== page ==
Democrats have virtually no hope of regaining the majority in either chamber this year. But they could pick up enough seats, Rizzo said, to have a voice in the process.

“The difference between 109 seats and 104 is all the difference in the world,” he said. “With a Democratic governor who can use the veto, that will change everything.”

Republicans held 106 seats in 2012, three shy of a veto-proof majority. They managed to override one of the governor’s vetoes that year.

With 110 seats last month, the governor saw 57 of his vetoes overridden, including a bill tripling the waiting period to have an abortion and another voiding local bans on the open carry of firearms.

Preserving a supermajority will give Republicans much more leverage when negotiating with the governor, Diehl said. But even if his party falls short, he said, the most recent veto session proves the GOP can count on Democrats to help enact their legislative agenda.

“Every single override vote we did this year had support of Democrats,” he said. “In some cases, half their caucus.”

If voters approve the GOP-backed constitutional amendment, the governor’s hand in negotiations with the legislature may be weakened even further.

The General Assembly has the constitutional duty to craft the state’s budget. The governor has the ability to veto specific spending items.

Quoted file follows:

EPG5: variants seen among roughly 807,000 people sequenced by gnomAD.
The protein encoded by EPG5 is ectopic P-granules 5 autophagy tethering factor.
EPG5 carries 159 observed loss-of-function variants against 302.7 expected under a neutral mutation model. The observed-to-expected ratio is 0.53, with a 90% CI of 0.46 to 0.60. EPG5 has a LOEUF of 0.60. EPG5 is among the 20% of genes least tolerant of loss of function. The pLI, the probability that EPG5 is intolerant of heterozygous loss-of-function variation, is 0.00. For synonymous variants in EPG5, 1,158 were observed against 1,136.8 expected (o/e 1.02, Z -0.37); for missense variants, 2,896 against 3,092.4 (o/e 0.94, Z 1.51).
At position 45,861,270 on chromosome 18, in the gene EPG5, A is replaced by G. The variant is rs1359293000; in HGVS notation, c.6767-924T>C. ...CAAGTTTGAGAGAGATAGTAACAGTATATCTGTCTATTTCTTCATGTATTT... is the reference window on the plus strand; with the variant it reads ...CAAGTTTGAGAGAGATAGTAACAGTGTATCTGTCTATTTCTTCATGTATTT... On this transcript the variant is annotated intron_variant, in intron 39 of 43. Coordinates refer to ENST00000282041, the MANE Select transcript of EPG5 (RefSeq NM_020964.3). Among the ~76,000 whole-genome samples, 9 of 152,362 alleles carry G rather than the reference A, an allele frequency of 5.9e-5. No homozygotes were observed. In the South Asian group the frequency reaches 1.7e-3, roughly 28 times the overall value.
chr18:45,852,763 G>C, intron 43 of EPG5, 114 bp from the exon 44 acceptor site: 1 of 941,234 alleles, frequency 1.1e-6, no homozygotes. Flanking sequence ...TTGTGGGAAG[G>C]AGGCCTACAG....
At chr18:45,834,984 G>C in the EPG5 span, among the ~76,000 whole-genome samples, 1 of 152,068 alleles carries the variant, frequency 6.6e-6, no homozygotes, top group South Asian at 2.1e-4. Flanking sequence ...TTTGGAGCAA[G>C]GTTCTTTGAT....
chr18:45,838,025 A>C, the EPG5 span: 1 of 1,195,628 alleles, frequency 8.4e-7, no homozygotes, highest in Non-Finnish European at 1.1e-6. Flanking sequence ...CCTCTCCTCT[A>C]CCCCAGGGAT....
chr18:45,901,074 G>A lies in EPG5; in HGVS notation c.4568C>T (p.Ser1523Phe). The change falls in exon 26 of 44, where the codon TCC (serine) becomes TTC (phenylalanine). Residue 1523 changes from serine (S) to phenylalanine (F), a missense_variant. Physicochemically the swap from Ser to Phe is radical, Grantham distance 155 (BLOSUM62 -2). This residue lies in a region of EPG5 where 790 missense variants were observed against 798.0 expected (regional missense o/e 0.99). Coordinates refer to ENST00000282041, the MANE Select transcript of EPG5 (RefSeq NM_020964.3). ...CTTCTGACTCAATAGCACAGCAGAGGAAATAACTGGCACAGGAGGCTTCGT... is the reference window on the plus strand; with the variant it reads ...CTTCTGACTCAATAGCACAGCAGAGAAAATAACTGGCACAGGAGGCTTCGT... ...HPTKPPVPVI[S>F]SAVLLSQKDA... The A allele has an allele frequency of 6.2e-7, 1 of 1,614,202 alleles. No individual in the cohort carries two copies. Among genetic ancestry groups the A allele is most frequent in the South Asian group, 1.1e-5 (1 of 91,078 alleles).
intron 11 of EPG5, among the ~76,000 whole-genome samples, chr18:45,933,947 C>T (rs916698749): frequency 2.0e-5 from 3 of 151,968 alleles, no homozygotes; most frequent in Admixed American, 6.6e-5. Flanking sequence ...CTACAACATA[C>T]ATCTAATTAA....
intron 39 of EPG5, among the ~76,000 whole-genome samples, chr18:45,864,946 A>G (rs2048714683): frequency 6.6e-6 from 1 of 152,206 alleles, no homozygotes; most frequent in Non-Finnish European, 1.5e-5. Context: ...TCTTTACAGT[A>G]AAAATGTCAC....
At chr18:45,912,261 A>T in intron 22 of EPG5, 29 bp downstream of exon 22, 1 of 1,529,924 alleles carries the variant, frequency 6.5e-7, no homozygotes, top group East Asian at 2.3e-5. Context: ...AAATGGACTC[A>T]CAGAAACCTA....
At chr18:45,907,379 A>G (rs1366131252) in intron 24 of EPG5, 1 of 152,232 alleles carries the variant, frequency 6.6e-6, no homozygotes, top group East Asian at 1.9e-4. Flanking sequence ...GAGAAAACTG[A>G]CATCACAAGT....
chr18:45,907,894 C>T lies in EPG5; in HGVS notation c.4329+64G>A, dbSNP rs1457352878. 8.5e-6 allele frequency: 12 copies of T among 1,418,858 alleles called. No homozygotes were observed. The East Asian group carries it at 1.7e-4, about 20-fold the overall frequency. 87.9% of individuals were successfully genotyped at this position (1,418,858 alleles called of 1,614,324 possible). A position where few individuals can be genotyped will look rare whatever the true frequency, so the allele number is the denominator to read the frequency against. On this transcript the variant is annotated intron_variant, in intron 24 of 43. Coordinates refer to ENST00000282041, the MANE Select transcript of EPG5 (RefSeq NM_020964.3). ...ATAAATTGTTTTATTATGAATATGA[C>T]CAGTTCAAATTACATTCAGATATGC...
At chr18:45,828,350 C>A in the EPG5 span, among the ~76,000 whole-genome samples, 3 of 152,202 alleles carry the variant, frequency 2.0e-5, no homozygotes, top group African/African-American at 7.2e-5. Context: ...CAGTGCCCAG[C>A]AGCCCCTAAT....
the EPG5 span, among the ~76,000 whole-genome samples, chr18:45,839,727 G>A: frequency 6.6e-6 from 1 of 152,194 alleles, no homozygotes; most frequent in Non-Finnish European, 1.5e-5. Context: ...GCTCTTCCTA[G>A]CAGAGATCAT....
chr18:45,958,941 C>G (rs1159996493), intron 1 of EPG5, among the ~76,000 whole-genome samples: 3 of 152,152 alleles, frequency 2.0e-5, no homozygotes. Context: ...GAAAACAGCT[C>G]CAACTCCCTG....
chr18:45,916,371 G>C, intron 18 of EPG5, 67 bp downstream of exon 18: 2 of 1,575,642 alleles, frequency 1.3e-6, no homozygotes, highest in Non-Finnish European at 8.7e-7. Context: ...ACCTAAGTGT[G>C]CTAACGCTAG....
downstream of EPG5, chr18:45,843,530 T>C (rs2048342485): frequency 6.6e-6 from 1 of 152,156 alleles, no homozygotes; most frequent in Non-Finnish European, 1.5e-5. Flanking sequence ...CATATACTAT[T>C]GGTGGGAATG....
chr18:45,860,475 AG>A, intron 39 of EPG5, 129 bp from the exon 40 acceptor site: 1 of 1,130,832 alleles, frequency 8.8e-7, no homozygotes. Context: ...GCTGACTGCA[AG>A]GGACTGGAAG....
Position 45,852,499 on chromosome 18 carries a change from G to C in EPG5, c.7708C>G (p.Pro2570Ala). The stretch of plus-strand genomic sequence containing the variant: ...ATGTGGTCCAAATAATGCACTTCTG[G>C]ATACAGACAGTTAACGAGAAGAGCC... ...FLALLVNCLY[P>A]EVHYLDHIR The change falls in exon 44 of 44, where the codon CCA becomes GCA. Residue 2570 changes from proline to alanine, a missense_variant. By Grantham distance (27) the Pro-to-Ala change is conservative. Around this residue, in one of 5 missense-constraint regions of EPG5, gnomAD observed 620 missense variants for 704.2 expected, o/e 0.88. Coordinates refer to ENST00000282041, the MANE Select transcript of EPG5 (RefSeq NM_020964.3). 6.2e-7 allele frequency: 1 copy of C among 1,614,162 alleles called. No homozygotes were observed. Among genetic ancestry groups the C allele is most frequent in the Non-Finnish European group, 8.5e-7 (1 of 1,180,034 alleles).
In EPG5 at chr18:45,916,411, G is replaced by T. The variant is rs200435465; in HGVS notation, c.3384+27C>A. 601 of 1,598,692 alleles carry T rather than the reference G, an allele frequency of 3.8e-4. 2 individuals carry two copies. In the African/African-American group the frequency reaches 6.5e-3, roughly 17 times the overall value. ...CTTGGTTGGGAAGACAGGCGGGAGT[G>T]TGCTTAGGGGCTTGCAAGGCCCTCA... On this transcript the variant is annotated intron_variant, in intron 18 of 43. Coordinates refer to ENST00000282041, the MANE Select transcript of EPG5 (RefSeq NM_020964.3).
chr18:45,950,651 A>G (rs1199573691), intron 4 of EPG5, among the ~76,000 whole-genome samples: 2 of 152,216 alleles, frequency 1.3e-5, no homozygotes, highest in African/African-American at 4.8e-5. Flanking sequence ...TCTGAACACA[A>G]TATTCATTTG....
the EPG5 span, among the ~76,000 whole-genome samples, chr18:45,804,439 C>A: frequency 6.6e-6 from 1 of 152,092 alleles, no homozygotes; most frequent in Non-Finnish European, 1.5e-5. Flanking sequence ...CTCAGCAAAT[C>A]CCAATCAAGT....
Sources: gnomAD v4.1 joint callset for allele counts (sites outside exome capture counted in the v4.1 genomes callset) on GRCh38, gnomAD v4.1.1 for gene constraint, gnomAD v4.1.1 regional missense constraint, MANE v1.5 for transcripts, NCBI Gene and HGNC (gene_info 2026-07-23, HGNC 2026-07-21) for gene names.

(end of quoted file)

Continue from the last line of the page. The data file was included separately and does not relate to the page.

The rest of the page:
But the constitution also gives governors the authority to withhold spending if there is a shortfall in state revenue. The governor can restore the money to the budget if the state’s financial situation improves, and lawmakers have no authority to override the withholding of funds.

The proposed constitutional amendment would change that, giving lawmakers the opportunity to override the governor’s decision with a two-thirds majority vote.

Proponents point to last year’s battle over an $800 million tax cut proposal.

Nixon vetoed the tax bill, then withheld $400 million in funding for education, building projects and other government services out of concern legislators might override that veto.

When the override effort failed, he eventually released all the money. Republicans cried foul.

“This is about checks and balances,” Richardson said. “We’ve seen a pattern of this governor abusing his constitutional authority, and we’re trying to create some legislative oversight.”

Nixon has panned the amendment, arguing that his budget powers are necessary tools that have been wielded by Republican and Democrat governors to maintain the state’s fiscal discipline.

Governors use the withhold authority to “balance the state budget and prevent government from spending beyond its means,” said Scott Holste, Nixon’s press secretary. “The governor has made clear that amending the constitution to weaken Missouri’s strong safeguards against overspending by the legislature is fiscally irresponsible.”

If the amendment passes, it will “tilt the balance of power in the legislature’s favor, although it will take time for judicial decisions to determine the extent it does so,” said Peverill Squire, a political science professor at the University of Missouri. “This measure sounds good to Republicans now. If it passes, they may come to regret it when circumstances change.”

To reach Jason Hancock, call 573-634-3565 or send email to